Review: 'Steel Magnolias' is warm-hearted and funny ... but safe
Does the world really need another revival of Robert Harling's "Steel Magnolias" after the hundreds of productions around the country in the last 20 years, plus a hit movie?
The production that opened Friday night at Camelot Theatre in Talent, directed by Bob Herried, is a nice enough treatment of the familiar comic drama. The magnolias of the title are Southern women who gather in Truvy's Beauty Salon in Chinquapin, La., on Saturday mornings, to chat, gossip, swap wisecracks and toss off one-liners with the aplomb of world-class wits.
The play covers two years in four scenes spread over two acts. In this time the mags share love and loss, hope and heartache. Truvy's salon — and thus the play itself — is a Y chromosome-free zone. The only men in the play's world exist off-stage, where, with the exception of one who rekindles an old flame and another who comes out as gay, they spend their time mindlessly shooting off guns or vegging out in front of the TV set.
Nonetheless, men in Friday's audience — and they were there in normal numbers — probably laughed louder than the women.
The first scene is a lot of comic banter that establishes the characters and their relationships.
Truvy (Wendy Spurgeon, who will alternate with Renee Hewitt in the Dolly Parton role) has a good heart and good Southern hair. She reminds the others she's a beautician, not a magician, but she's the glue that makes it all work.
Shelby (Katie Warner-Falk) is a young woman with diabetes who has been advised that having a baby would be dangerous to her health.
This is a matter of deep concern to her mother, M'Lynn (Dianna Warner). Add to the mix Truvy's new employee and avid born-again Christian Annelle (Jazzmin Parker), rich radio-station owner Clairee (Judith Rosen) and mean old lady Ouiser (Priscilla Quinby), and imagine the possibilities.
Harling gives these women such great one-liners that it sometimes feels like watching Groucho Marx times six, but without the edge. The women are cliches to an extent, but they are drawn lovingly and have also been endowed with the ability to surprise us. Nearly all the jokes got big laughs, although a few were flubbed, and there were more than the usual number of first-night hiccups.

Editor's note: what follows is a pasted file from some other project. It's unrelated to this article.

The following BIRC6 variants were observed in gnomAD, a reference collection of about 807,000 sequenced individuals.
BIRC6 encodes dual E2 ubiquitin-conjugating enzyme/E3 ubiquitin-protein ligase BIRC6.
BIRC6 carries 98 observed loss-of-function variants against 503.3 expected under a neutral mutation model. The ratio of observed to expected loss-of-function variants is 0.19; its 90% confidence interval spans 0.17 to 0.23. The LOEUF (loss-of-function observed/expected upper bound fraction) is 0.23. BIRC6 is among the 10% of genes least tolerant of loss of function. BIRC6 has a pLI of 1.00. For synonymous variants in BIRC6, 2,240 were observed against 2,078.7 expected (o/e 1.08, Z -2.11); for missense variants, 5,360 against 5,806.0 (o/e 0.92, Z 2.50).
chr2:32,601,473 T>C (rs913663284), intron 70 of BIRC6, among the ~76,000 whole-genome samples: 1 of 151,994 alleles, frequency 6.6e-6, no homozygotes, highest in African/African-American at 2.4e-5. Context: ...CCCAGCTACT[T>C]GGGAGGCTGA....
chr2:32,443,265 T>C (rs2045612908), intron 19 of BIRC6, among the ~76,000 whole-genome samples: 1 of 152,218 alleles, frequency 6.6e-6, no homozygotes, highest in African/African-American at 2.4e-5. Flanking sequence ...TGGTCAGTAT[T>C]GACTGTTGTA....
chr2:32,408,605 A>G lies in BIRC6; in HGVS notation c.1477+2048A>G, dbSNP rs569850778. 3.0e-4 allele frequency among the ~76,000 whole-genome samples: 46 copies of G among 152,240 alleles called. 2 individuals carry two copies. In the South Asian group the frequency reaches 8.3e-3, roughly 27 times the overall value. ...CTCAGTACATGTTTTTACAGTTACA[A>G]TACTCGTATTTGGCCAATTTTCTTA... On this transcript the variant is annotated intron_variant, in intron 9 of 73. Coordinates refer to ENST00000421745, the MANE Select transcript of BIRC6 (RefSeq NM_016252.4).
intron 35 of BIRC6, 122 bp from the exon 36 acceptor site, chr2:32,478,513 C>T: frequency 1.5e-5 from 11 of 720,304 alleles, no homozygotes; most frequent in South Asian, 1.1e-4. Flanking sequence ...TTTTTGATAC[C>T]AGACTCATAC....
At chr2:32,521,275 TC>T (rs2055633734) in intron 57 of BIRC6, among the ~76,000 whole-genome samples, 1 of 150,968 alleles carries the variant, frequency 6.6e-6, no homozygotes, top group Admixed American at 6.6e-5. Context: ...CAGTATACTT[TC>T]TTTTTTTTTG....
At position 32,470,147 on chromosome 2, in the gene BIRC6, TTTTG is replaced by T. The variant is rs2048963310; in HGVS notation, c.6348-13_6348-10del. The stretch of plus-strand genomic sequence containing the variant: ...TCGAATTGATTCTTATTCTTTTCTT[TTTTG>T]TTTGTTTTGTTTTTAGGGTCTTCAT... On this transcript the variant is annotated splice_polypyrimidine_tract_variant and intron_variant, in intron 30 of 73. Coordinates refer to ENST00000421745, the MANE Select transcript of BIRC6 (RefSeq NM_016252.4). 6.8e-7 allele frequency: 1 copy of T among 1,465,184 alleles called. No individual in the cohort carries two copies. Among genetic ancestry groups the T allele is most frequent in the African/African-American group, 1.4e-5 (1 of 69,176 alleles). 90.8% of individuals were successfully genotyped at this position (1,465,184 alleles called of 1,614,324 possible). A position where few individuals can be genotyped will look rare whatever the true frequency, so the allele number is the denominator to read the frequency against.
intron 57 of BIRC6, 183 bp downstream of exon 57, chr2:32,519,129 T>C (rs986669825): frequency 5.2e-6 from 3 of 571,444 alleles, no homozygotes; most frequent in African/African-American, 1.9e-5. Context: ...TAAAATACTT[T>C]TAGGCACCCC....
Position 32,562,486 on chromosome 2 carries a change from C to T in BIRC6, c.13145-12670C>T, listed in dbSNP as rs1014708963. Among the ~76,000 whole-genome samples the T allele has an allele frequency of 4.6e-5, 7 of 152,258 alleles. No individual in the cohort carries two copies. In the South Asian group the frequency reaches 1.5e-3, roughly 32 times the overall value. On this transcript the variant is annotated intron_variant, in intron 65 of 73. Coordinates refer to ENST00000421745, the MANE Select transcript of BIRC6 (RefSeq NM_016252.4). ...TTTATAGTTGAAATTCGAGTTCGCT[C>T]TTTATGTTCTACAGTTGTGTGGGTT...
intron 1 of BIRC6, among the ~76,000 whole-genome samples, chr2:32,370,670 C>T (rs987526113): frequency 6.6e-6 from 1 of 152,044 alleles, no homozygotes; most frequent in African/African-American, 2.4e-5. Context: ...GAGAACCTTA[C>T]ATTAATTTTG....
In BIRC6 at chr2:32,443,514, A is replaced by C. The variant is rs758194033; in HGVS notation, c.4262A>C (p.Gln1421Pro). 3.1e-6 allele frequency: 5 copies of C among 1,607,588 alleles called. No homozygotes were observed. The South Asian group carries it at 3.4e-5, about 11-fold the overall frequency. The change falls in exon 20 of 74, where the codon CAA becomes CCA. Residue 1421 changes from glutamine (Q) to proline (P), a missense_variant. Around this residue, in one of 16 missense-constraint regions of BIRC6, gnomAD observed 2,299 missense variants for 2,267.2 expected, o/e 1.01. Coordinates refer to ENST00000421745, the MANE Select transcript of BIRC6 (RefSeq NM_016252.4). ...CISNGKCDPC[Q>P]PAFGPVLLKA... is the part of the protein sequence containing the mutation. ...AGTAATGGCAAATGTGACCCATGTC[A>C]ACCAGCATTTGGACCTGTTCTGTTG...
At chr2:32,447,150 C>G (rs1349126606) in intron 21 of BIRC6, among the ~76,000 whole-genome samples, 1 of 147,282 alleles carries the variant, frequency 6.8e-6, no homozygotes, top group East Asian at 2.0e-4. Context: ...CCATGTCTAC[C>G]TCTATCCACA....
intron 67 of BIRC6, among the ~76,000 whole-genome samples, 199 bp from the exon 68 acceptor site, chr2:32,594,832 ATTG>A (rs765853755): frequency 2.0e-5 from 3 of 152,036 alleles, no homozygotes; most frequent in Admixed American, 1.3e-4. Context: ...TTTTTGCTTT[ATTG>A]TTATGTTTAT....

Once the actual narrative gets moving the story is simplicity itself. Shelby gets married (to the absent Jackson, a feckless young lawyer who lives to hunt) and decides to have a baby even though the pregnancy is medically dangerous. What's a li'l gal to do? Inevitably, M'Lynn has to make a decision.
The play shifts gears between the first act, which is comic, and the second, which is somewhat tragic, and it's to Harling's credit that the change, which feels like going from a sit-com to one of those disease-of-the-week TV movies, is not overly jarring. This is mainly because the characters the characters are drawn sharply and are just so darn, well, likable. The acting is winning across the board — this is probably as close as it gets to an actor-proof play — with Quinby almost stealing it as the hard-hearted curmudgeon with a heart of gold.
Truvy's beauty parlor, a former carport, is a sensational set, yet another in a series of winners gracing Camelot's stage from Don Zastoupil.
"Steel Magnolias" is the on-stage equivalent of a chick flick. While anybody can appreciate the banter, and the heart, those of the guy persuasion might find themselves shifting in their seats by the second act.
A more serious issue with the play is that it is as safe as theater can be. It's something you go to see to be told something you already know about characters you feel you know. Camelot has been on a roll in past year, mounting sharp productions one after the other. This one sparks laughs, and maybe a tear, without asking much of its audience.
Reach reporter Bill Varble at 776-4478 or email@example.com.